Tackling Georgetown’s Growth Challenges

Whether it’s continuing to preserve the character and feel of Georgetown while adapting to growth, or simply grabbing a cup of coffee with a concerned citizen, Jake French wants to build on the momentum he has created over the first two years of his term on the City Council.

One of the best parts of the job, he says, has been getting to talk with constituents, from HOA presidents to residents interested in the future development of the airport or trail systems. “Hearing from a wide variety of citizens and constituents has been fun. Getting to know people and having the opportunity to represent their concerns–specifically regarding council decisions–has been interesting and an honor.”

Keeping his constituents informed has been and will continue to be a priority for Councilman French, who has already hosted two town halls and many one-on-ones over coffee. “That aspect of transparency and responsiveness to my constituents is really important to me.”

Also high on his priority list are challenges related to water capacity, public safety, and preservation of Georgetown’s unique look and feel. He says, “We have a unique ethos in the greater Austin area. I’m very interested in preserving that for new residents and future generations as we continue to experience and provide for the growth of people moving here.”

WATER PROJECTS                                                                    

Georgetown has two projects in the works to ensure our growing city will continue to have sufficient water supply. The North Lake Water Treatment Plant is currently undergoing an 8.8 million-gallon-per-day expansion that is expected to come online in summer 2023. The second, the South Lake Water Treatment Plant, broke ground last year with planned construction completion in two phases in 2025-2026. Water Services Director Chelsea Solomon says, “With the addition of this new plant, we will be doubling our total daily capacity, from 44 million gallons of daily treated water availability to 93.9 million gallons.” City Council is also assessing water and wastewater impact fees, which are “vital to ensure growth continues to pay for itself and help cover the associated costs of capacity expansion projects.”

The city is also evaluating various strategies to increase water supply in the future, including aquifer storage and recovery, expanded use of reclaimed water, increased water ordinance enforcement to lower water waste, and divestment of some of its water service area to other water utilities. “I look forward to being part of the solution to [the water supply challenge],” Councilman French says.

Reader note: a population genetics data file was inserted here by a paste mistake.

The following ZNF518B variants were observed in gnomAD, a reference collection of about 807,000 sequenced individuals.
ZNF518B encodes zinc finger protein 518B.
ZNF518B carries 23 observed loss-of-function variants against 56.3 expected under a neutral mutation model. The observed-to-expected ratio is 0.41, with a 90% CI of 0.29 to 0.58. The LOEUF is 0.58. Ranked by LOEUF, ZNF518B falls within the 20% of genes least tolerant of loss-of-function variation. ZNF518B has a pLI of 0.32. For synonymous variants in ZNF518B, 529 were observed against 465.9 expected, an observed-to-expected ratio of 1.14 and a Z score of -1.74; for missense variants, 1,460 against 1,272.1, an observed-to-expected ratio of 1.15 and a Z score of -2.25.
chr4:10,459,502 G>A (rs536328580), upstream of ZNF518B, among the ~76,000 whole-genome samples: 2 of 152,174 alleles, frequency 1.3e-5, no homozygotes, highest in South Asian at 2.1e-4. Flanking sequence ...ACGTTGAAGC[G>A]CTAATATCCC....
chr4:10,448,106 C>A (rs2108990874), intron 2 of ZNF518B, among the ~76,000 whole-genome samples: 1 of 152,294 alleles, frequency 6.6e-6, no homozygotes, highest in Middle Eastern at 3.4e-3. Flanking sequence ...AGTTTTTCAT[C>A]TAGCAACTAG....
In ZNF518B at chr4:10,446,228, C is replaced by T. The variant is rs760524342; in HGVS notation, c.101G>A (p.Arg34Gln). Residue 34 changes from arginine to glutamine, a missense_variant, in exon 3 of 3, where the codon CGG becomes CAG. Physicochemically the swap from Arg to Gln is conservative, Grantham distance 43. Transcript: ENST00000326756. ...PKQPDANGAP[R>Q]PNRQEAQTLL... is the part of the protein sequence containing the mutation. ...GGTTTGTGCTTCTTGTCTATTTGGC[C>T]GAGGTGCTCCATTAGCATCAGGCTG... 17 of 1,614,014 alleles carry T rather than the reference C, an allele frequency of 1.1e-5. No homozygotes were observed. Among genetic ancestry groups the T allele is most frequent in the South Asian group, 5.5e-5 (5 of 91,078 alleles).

SAFE CITY                                                                                    

He also wants to make sure Georgetown continues to be a safe place to live, especially after being named the fastest growing city in the country  in 2022. Georgetown Police Chief Cory Tchida says, “That unprecedented growth does require the city and my department to be proactive about maintaining Georgetown as a safe place to live, work, and play.”

Chief Tchida and his team are working on several public safety initiatives, including funding for eight new officers in their FY 22/23 budget. They are also adding a K9 unit, which the department has not had for at least a decade, and will continue the Lock it Down Georgetown Campaign designed to reduce vehicle burglaries via awareness and public education.

The department will also implement principles and practices in collaboration with the One Mind Campaign, an international initiative that calls on law enforcement agencies to take steps to improve their response to people with mental health conditions. Georgetown PD has pledged to continue strong relationships with local mental health organizations and ensure all officers receive mental health awareness training.

HEART OF GEORGETOWN                                                  

When it comes to the downtown—the heart of Georgetown and most of his district—Councilman French is committed to preserving the community gem that draws residents and visitors from all over. He and other council members are working on an update to the Downtown Master Plan (last updated in 2014), the guiding document for the 40-block area around the Square known as the Downtown Overlay District. Downtown and Tourism Director Kim McAuliffe says, “Through concentrated efforts and careful planning, the heart of Georgetown continues to improve and thrive, and grows more each year into the bustling city center it was intended to be.”

Councilman French says the plan update is “absolutely critical for the future feel of downtown Georgetown in my district.” It will involve opportunities for input from key stakeholders and the public as well as coordination with other projects, including the Austin Avenue pedestrian bridges, Austin Avenue Corridor Study, and Unified Development Code Update. The Downtown Master Plan update “will take place over the next 14 months and will serve our community for many years to come,” Kim says.